Foolish people reasoned unsoundly, saying to themselves, "Short and sorrowful is our life, and there is no remedy when a life comes to its end, and no one has been known to return from Hades. Let us then lie in wait for the righteous man, because he is inconvenient to us and opposes our actions; he reproaches us for sins against the law, and accuses us of sins against our training.
"He professes to have knowledge of God, and calls himself a child of the Lord. He became to us a reproof of our thoughts; the very sight of him is a burden to us, because his manner of life is unlike that of others, and his ways are strange. We are considered by him as something base, and he avoids our ways as unclean; he calls the last end of the righteous happy, and boasts that God is his father.
"Let us see if his words are true, and let us test what will happen at the end of his life; for if the righteous man is God's child, he will help him, and will deliver him from the hand of his adversaries. Let us test him with insult and torture, so that we may find out how gentle he is, and make trial of his forbearance. Let us condemn him to a shameful death, for, according to what he says, he will be protected."
Thus they reasoned, but they were led astray, for their wickedness blinded them, and they did not know the secret purposes of God, nor hoped for the wages of holiness, nor discerned the prize for blameless souls;
The Lord confronts the evildoers,
to destroy remembrance of them from the earth.
When the just cry out, the Lord hears them,
and from all their distress he rescues them. (R./)
The Lord is close to the brokenhearted;
and those who are crushed in spirit he saves.
Many are the troubles of the just person,
but out of them all the Lord delivers him. (R./)
He watches over all his bones;
not one of them shall be broken.
The Lord redeems the lives of his servants;
no one incurs guilt who takes refuge in him. (R./)
After this Jesus went about in Galilee. He did not wish to go about in Judea because the Jews were looking for an opportunity to kill him. Now the Jewish festival of Booths was near. So his brothers said to him, "Leave here and go to Judea so that your disciples also may see the works you are doing; for no one who wants to be widely known acts in secret. If you do these things, show yourself to the world." (For not even his brothers believed in him.) Jesus said to them, "My time has not yet come, but your time is always here. The world cannot hate you, but it hates me because I testify against it that its works are evil. Go to the festival yourselves. I am not going to this festival, for my time has not yet fully come." After saying this, he remained in Galilee.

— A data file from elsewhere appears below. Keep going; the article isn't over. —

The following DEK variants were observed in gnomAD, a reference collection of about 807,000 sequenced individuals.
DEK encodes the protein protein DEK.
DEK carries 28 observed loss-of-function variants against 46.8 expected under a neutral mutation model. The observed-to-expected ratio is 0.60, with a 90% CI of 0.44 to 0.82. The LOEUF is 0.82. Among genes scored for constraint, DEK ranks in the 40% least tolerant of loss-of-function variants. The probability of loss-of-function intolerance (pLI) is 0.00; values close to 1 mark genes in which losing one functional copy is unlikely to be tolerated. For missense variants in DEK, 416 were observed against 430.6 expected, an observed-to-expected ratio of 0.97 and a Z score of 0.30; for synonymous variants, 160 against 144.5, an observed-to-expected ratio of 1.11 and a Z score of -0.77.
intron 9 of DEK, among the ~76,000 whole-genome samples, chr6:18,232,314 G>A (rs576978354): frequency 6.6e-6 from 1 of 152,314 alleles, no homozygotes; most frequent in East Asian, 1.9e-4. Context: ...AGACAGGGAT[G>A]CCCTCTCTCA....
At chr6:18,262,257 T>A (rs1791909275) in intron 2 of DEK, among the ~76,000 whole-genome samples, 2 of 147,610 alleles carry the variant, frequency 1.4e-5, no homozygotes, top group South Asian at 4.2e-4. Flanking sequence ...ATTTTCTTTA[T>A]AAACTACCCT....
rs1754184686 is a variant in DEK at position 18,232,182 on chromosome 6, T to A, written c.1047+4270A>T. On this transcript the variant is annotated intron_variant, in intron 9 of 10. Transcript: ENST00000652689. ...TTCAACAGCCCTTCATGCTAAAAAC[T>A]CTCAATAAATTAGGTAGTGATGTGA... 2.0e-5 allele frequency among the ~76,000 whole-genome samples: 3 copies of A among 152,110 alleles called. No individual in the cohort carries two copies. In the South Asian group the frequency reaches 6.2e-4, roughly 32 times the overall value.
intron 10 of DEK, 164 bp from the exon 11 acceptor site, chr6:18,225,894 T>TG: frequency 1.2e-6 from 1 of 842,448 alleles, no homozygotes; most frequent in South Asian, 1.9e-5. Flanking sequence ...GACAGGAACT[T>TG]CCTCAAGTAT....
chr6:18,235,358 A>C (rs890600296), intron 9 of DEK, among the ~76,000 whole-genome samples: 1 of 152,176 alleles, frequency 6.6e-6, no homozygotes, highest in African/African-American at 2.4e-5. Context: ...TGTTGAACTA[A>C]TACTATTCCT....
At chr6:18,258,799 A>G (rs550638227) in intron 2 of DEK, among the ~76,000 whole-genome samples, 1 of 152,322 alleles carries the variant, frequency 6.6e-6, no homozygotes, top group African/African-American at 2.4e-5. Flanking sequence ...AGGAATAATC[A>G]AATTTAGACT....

But after his brothers had gone to the festival, then he also went, not publicly but as it were in secret. Now some of the people of Jerusalem were saying, "Is not this the man whom they are trying to kill? And here he is, speaking openly, but they say nothing to him! Can it be that the authorities really know that this is the Messiah? Yet we know where this man is from; but when the Messiah comes, no one will know where he is from." Then Jesus cried out as he was teaching in the temple, "You know me, and you know where I am from. I have not come on my own. But the one who sent me is true, and you do not know him. I know him, because I am from him, and he sent me." Then they tried to arrest him, but no one laid hands on him, because his hour had not yet come.
The upright person (first reading) persecuted and tested by malicious enemies, provoked this opposition by claiming to be a child of God, a claim they angrily dispute. Jesus suffered a similar kind of rejection. When his own relatives think they have all the facts about him, he answered, "I was sent by One whom . . . you do not know. I know him because it is from him I come." While the Just One in the Book of Wisdom is humiliated and oppressed, no one yet laid a finger on Jesus, because his hour had not yet come. This points forward to John's account of the Last Supper and the Passion, when Jesus knew that his hour had come to depart from this world and go to the Father. Having loved his own who were in the world, he loved them to the end. (Jn 13:1) And during the Supper he promised them, "I will not leave you orphaned; I am coming to you. In a little while the world will no longer see me, but you will see me; because I live, you also will live. On that day you will know that I am in my Father, and you in me, and I in you." (Jn 14:18)
As the response to the Psalm we repeated this mantra: "The Lord is near to broken hearts." Broken hearts are painful and lonely, but they also enable us to reach even more deeply into our roots, where God is very near with the loving providence of his mysterious clasp. Our God is close to those in trouble; and those who are crushed in spirit he saves. Many are the troubles of the just man, but from them all the Lord will save him.
By the phrase "the Jews," John nearly always means the Jewish religious leaders. His gospel tends to distinguish between the Jewish religious leaders and the people as a whole . It is not said that the Jewish people were out to kill him. That was what the leaders wanted; but the people also disparage Jesus when they say, "we all know where he comes from." They were saying, in effect, "we know that he comes from Nazareth, a little village in the hills." In reply, Jesus declares that he really comes from God, the Almighty One who sent him. To know that Jesus came from Nazareth falls far short of knowing who he really is. It is generally the case in John's gospel that those who say "we know" don't really know. The evangelist reminds us that there is always more to Jesus than we realize. When it comes to the Lord, we are always on a journey of discovery. What really matters is to keep travelling that journey, to keep striving to know him more fully.